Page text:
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American Dictionary of the English Language

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Trip


TRIP, verb transitive

1. To supplant; to cause to fall by striking the feet suddenly from under the person; usually followed by up; as, to trip up a man in wrestling; to trip up the heels.

2. To supplant; to overthrow by depriving of support.

3. To catch; to detect.

4. To loose an anchor from the bottom by its cable or buoy-rope.

TRIP, verb intransitive To stumble; to strike the foot against something, so as to lose the step and come near to fall; or to stumble and fall.

1. To err; to fail; to mistake; to be deficient.

Virgil pretends sometimes to trip

TRIP, verb intransitive

1. To run or step lightly; to walk with a light step.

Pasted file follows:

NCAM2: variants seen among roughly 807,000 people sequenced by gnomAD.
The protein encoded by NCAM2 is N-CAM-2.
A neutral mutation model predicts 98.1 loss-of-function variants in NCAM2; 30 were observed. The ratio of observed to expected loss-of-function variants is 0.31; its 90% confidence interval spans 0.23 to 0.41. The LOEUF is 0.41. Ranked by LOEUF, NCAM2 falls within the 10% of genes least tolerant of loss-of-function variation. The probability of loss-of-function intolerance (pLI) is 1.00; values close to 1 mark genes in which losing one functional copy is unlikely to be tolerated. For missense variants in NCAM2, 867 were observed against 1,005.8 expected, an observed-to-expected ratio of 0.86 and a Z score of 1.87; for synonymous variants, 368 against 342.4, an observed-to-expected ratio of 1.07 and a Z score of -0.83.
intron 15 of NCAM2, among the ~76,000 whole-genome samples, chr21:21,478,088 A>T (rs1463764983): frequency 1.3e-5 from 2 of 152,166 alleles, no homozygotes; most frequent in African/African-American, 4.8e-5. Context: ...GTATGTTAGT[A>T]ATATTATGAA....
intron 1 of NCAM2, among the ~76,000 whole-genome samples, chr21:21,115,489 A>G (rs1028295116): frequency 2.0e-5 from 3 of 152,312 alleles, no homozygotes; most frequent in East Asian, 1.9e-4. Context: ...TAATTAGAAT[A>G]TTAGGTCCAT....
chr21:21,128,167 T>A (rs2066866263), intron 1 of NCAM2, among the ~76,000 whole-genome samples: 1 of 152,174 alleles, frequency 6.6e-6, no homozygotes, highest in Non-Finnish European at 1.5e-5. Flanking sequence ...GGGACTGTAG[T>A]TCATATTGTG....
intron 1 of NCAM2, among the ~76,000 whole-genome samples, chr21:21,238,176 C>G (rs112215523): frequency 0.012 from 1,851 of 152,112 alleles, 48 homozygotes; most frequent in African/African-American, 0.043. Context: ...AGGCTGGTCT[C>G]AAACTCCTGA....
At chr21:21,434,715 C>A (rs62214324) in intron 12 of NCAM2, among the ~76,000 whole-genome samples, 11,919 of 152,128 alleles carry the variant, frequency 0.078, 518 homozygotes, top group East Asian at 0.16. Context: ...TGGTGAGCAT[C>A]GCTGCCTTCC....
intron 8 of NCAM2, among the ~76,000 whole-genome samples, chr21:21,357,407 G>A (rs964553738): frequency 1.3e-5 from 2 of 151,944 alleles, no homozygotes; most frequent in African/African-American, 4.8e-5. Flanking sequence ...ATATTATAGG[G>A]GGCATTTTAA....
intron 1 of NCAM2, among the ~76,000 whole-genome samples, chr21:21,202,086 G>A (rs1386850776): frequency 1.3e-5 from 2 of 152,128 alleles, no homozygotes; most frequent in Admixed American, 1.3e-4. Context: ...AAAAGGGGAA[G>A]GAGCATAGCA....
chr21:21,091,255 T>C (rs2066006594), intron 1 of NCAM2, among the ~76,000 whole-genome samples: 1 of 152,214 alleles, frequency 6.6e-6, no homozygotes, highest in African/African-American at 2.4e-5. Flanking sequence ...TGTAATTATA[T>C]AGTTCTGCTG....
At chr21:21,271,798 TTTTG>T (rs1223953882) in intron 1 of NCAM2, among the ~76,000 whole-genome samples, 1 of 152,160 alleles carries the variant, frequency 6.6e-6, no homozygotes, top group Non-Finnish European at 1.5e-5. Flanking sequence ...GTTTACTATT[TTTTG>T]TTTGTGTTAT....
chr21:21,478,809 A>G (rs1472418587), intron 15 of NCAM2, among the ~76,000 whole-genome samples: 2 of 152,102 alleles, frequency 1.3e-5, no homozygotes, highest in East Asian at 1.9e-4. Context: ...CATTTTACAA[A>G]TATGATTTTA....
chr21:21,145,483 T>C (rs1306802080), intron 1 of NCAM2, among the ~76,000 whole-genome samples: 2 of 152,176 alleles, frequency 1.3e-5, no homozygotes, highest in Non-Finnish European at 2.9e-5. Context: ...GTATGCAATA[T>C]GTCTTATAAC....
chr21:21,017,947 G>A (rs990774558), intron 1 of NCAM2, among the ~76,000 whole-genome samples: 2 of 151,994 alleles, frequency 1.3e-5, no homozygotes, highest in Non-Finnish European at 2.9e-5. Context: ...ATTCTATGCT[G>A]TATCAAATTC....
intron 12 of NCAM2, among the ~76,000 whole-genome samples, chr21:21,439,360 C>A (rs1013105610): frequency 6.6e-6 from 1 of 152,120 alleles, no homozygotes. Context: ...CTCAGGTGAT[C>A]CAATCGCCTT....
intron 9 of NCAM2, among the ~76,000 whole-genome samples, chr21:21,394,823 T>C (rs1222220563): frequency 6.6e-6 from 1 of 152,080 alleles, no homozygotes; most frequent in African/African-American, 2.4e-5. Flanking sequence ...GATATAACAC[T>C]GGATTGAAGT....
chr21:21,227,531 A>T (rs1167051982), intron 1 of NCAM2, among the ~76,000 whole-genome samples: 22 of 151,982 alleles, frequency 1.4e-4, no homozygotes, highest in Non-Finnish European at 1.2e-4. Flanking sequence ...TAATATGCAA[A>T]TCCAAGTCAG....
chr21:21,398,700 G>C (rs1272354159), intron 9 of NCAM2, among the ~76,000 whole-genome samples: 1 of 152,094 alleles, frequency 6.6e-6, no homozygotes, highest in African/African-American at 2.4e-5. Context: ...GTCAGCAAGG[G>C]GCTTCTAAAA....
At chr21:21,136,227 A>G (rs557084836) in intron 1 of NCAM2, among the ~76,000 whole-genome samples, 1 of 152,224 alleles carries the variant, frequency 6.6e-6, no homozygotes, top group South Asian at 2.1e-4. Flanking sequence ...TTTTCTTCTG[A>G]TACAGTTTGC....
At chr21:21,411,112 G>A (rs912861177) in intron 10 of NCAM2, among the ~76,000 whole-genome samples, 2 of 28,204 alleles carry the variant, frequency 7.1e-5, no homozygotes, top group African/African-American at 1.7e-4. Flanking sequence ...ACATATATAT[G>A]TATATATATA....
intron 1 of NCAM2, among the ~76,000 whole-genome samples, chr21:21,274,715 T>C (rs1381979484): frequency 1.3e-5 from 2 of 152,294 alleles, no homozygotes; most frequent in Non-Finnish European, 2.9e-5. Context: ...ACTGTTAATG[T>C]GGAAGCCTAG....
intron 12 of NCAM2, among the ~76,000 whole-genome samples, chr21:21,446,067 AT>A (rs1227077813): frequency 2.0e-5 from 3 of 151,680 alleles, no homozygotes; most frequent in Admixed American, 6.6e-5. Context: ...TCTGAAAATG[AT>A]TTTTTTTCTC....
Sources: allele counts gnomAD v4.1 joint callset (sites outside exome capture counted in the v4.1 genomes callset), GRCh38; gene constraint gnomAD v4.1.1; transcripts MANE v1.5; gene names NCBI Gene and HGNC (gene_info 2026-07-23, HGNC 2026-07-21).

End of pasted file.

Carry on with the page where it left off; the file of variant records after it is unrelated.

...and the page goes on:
She bounded by and tripp'd so light.

They had not time to take a steady sight.

Thus from the lion trips the trembling doe.

2. To take a voyage or journey.

TRIP, noun A stroke or catch by which a wrestler supplants his antagonist.

And watches with a trip his foe to foil.

1. A stumble by the loss of foot-hold, or a striking of the foot against an object.

2. A failure; a mistake.

Each seeming trip and each digressive start.

3. A journey; or a voyage.

I took a trip to London on the death of the queen.

4. In navigation, a single board in plying to windward.

5. Among farmers, a small flock of sheep, or a small stock of them. [Local.]